Exercised blatant favoritism in state employment hiring based on partisan loyalties. Many top Republican officials were indicted in the scandal, including the Transportation Secretary and Deputy Secretary, State GOP Chairman, and Fletcher’s Personnel Advisor, Deputy Personnel Secretary, and Deputy Chief of Staff. Fletcher was issued 29 indictments, including for conspiracy, official misconduct and political discrimination. He issued a blanket pardon to everyone involved in the case so that they would not testify against him, which may have led to the deal he got last week dropping the charges.
    Gov. Bob Taft (OH)
    Promised wealthy donors giving $25,000-50,000 to the Ohio GOP that they would get “access to key GOP officeholders,” seats in his private box for football games, and full anonymity. He called this club of participants “Team Ohio.” Taft was convicted for failing to disclose $5,800 in gifts from lobbyists, and his approval rating dropped as low as 6.5%.
    Secretary of State Ken Blackwell (OH)
    During 2004 presidential election, was co-chair of Committee to Re-elect Bush in Ohio despite being Ohio’s Chief Elections Officer (think Katherine Harris, but better looking in a dress). Responsible for massive vote suppression through uneven machine allocation and exclusion of provisional ballots, as well as his refusal to accept voter registration forms printed on anything lighter than 80-lb paper (such as normal typing or copier paper).
    Rep. Bob Ney (OH)
    Used his power to grant favors to the Jack Abramoff lobbying team in exchange for gifts, including a free trips to the Super Bowl, Northern Marianas Islands, Scotland, the use of luxury boxes at sporting events, and concerts and meals. Under investigation by the House Ethics Committee for bribery, he recently decided not to seek reelection.
    Ralph Regula (OH)
    Earmarked more than $2 million as senior member of Appropriations Committee to create the First Ladies National Historic Site in his district, to be headed by his own wife. He also accepted thousands of dollars from Abramoff and Rep. Ney.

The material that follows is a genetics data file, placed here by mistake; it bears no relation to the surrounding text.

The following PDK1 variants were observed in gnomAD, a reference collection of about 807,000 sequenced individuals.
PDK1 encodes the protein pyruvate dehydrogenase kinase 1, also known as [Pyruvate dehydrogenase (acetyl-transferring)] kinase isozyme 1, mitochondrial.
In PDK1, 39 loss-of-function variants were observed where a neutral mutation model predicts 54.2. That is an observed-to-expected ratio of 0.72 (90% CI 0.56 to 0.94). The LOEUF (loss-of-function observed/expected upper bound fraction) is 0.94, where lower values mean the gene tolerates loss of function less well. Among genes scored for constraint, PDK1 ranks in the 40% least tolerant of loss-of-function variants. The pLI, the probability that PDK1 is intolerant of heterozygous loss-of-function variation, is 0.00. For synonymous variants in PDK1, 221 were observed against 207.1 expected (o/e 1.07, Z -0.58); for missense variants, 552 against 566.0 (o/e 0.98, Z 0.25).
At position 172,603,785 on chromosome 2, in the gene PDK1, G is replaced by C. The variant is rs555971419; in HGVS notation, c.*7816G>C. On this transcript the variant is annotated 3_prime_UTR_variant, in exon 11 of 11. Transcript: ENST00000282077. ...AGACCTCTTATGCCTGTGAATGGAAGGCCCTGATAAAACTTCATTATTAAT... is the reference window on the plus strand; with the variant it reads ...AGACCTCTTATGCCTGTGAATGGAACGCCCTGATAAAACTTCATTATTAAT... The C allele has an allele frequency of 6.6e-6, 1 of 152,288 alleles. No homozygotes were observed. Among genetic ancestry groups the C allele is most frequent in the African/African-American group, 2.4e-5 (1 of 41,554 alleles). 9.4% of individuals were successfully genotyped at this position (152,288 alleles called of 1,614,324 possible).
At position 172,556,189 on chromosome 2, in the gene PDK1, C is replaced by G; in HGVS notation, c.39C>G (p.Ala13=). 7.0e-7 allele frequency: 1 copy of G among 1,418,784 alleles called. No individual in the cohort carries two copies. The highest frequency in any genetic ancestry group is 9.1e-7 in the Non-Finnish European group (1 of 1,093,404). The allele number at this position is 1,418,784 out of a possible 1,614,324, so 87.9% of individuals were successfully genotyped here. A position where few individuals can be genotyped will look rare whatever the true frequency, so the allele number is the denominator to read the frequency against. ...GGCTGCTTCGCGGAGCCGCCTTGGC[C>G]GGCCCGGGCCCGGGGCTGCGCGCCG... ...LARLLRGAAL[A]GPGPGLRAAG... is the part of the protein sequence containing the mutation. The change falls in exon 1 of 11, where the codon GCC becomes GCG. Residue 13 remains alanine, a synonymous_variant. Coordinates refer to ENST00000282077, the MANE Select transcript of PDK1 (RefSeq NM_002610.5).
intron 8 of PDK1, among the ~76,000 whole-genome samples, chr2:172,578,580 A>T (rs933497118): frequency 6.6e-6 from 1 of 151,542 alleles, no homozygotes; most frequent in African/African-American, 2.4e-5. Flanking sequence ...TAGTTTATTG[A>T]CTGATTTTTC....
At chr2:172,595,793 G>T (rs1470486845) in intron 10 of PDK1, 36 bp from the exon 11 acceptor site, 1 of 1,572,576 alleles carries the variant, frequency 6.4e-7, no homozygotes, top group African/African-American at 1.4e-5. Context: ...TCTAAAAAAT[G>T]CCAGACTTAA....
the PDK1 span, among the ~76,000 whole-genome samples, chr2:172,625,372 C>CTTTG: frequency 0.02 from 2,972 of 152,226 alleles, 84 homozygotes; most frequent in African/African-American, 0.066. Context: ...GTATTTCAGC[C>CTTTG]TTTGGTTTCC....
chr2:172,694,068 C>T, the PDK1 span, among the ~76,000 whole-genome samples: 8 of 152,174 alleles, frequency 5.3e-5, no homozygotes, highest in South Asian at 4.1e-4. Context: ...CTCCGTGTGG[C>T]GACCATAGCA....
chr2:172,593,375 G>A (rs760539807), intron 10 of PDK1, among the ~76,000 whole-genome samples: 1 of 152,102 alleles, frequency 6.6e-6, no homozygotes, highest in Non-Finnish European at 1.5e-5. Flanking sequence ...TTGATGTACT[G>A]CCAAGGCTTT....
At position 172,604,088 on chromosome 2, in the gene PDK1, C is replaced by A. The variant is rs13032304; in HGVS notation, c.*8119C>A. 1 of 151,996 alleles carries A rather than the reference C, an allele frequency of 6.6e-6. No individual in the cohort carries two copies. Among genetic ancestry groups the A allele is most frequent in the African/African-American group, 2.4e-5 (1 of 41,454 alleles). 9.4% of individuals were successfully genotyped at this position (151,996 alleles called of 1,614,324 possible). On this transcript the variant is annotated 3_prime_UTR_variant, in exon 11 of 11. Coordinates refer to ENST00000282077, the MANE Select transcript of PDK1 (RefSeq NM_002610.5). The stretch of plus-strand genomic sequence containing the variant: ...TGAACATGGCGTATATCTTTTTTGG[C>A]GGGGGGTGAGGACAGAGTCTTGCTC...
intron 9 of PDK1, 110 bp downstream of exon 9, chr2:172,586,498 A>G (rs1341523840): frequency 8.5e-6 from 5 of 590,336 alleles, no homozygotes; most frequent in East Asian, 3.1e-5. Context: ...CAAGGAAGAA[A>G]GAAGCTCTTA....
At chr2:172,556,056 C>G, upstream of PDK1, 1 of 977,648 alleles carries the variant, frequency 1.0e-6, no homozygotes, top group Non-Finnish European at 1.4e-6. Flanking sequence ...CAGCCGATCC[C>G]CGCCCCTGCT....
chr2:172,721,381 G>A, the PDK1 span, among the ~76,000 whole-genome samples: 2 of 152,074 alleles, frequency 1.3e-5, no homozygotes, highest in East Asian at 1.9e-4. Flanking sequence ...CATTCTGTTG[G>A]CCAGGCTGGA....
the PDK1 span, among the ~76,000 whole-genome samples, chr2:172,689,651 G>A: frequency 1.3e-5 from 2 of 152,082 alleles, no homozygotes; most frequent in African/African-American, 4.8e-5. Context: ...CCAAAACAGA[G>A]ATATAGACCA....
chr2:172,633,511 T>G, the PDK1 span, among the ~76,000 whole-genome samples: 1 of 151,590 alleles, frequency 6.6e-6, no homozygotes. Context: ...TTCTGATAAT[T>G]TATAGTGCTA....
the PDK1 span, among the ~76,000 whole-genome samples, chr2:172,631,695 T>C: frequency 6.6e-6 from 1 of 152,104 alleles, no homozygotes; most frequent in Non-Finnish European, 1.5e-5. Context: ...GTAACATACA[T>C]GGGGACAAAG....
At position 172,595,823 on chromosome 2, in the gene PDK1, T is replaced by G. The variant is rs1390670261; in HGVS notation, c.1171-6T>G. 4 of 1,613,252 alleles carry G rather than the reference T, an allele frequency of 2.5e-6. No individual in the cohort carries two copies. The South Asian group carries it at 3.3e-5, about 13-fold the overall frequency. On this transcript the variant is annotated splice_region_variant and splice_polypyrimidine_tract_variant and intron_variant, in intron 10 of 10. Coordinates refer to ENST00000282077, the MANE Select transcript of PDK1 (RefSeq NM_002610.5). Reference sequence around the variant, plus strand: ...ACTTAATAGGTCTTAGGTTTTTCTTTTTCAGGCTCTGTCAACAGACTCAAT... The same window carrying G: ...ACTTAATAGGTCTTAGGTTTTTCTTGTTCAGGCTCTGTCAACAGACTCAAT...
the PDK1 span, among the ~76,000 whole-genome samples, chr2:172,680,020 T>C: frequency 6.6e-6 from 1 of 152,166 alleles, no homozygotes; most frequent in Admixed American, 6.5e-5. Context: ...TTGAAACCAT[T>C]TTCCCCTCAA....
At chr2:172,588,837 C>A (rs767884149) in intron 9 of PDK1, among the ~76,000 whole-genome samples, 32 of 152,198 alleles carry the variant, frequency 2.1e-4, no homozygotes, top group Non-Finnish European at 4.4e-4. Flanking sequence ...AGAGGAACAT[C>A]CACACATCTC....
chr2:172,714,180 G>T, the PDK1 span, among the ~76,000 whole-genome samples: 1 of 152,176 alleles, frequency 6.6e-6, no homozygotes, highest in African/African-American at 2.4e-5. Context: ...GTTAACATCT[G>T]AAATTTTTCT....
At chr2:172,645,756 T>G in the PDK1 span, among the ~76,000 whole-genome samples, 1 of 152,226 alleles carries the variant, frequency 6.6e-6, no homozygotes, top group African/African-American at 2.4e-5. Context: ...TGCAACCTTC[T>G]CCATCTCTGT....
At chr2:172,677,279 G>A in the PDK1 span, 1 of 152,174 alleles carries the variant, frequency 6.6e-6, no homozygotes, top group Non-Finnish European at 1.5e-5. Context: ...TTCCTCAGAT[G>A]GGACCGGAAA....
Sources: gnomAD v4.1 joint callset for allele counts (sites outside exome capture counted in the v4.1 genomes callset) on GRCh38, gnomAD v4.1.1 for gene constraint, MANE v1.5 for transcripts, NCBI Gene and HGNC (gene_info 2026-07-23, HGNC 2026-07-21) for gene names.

GOP official and fundraiser Thomas Noe (OH)
    Funneled $45,400 to Bush’s 2004 campaign using two dozen people as conduits, for which he later pled guilty to several counts for illegal campaign contributions. Central figure of “Coingate,” where he was given $50 million to invest for the Ohio Bureau of Workers’ Compensation through rare coin funds, of which he lost $13 million.
    Gov. Frank Murkowski (AK)
    Appointed own daughter, Lisa Murkowski, to complete his Senate term after becoming governor. Bought a private jet with government funds after being denied by the legislature and told not to by the federal government. Allowed BP to not maintain their oil equipment, leading to the leaks and corrosion that caused the recent shutdown of an oil field. He was just creamed in GOP gubernatorial primary, coming in third with just 19% of the vote.
    Rep. Randall “Duke” Cunningham (CA)
    Pled guilty to accepting at least $2.4 million in bribes and underreporting his income for 2004. He also pleaded guilty to federal charges of conspiracy to commit bribery, mail fraud, wire fraud, and tax evasion. He resigned in disgrace last year.
    Rep. Jerry Lewis (CA)
    Used position as Appropriations Committee chairman (and formerly Defense Appropriations Subcommittee chairman) to steer hundreds of millions of dollars to clients of the lobbying firm of his good friend. These clients have given the firm millions of dollars, and hundreds of thousands to Lewis’ campaign and political action committees (which he used to buy the support of his colleagues to attain the Appropriations chairmanship).
    Rep. John Doolittle (CA)